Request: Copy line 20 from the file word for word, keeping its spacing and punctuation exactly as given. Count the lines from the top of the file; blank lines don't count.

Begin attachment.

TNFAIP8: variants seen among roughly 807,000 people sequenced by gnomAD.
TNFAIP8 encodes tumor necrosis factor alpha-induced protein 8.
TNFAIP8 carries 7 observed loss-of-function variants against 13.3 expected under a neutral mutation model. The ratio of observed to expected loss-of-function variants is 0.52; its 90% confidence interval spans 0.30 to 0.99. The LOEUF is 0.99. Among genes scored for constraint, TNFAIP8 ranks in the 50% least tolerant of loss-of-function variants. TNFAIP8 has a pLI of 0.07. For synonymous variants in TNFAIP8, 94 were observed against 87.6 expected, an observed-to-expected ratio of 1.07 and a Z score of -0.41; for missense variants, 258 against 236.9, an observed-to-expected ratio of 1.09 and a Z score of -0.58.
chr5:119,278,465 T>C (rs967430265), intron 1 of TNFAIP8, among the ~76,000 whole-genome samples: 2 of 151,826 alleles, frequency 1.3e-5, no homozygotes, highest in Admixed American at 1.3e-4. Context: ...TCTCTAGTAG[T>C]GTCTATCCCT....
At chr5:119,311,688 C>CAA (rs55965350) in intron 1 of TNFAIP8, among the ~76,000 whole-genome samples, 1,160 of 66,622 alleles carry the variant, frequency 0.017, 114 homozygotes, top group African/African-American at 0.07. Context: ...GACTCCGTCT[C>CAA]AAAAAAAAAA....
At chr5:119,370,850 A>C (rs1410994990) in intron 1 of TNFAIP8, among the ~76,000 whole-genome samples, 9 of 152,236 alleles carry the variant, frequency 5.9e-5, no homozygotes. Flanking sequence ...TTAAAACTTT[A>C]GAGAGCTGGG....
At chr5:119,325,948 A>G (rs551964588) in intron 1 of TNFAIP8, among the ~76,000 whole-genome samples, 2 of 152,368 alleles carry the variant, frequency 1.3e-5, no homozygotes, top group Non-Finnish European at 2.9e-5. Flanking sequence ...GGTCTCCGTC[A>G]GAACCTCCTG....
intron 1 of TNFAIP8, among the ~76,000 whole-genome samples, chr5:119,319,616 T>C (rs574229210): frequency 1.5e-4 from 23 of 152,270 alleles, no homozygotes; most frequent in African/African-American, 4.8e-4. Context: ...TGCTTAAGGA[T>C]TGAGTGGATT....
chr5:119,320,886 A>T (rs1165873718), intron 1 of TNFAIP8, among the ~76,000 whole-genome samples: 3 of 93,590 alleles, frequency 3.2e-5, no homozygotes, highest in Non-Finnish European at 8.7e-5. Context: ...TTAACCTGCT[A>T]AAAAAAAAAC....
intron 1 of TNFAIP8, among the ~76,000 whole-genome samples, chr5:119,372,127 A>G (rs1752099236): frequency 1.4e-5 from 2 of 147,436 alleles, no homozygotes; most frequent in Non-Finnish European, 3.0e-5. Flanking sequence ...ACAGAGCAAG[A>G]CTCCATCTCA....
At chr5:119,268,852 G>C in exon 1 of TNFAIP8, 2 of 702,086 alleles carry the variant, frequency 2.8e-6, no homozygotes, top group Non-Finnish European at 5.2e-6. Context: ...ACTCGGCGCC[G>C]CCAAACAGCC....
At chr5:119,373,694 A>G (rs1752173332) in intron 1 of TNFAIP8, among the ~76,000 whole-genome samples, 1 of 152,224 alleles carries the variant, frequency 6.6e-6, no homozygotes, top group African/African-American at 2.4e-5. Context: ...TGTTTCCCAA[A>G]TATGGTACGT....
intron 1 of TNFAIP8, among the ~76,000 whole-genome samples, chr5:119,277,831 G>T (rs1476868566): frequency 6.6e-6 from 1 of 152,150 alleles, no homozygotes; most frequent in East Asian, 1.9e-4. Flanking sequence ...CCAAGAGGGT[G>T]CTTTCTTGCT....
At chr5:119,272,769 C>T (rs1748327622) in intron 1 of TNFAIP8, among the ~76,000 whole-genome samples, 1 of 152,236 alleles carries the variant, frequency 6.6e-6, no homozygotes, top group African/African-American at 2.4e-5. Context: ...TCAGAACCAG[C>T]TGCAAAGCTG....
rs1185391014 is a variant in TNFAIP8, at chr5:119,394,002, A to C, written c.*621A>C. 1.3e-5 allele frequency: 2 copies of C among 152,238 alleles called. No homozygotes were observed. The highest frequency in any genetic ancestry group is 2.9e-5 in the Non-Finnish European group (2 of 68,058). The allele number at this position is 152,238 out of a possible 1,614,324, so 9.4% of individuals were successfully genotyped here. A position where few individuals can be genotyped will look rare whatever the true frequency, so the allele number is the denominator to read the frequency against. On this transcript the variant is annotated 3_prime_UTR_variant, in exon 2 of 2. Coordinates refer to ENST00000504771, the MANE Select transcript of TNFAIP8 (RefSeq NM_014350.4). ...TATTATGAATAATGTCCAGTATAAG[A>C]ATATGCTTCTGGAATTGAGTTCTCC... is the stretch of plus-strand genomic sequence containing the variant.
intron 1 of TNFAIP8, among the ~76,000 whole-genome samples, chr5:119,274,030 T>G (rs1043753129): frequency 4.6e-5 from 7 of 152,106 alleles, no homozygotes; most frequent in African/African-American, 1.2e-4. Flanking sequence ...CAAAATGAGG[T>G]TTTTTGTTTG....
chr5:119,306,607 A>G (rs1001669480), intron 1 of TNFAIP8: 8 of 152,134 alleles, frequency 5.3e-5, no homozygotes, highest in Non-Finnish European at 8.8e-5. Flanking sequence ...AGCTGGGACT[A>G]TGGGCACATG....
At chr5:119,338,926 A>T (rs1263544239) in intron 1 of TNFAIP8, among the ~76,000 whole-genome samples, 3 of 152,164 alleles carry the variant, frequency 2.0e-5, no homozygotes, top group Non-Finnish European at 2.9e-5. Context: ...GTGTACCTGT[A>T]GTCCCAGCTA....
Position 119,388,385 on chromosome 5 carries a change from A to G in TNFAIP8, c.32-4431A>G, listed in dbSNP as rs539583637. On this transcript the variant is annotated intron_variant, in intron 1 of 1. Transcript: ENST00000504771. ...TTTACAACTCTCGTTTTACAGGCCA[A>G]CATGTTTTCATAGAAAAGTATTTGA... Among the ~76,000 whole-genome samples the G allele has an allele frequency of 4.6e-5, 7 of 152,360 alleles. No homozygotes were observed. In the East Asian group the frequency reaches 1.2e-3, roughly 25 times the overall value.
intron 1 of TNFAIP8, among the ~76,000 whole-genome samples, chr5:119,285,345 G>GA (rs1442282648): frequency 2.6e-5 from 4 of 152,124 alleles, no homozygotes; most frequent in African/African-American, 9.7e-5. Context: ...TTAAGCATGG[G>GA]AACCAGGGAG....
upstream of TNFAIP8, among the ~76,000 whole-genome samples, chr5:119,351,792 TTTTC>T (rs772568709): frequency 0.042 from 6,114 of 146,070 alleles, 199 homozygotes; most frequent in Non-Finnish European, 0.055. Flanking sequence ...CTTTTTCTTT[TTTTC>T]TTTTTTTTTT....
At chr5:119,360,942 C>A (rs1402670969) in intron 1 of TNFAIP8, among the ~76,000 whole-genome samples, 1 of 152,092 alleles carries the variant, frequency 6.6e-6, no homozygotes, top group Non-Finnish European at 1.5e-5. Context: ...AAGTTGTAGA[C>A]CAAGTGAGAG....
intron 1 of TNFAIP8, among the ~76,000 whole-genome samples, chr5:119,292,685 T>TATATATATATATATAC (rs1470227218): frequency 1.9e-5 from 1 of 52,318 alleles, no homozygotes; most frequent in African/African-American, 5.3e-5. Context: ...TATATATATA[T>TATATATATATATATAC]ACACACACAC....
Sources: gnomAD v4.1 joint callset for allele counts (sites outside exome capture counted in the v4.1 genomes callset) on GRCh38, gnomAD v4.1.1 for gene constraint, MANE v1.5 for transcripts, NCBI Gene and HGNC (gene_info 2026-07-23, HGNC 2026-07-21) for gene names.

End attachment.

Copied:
intron 1 of TNFAIP8, among the ~76,000 whole-genome samples, chr5:119,285,345 G>GA (rs1442282648): frequency 2.6e-5 from 4 of 152,124 alleles, no homozygotes; most frequent in African/African-American, 9.7e-5. Context: ...TTAAGCATGG[G>GA]AACCAGGGAG....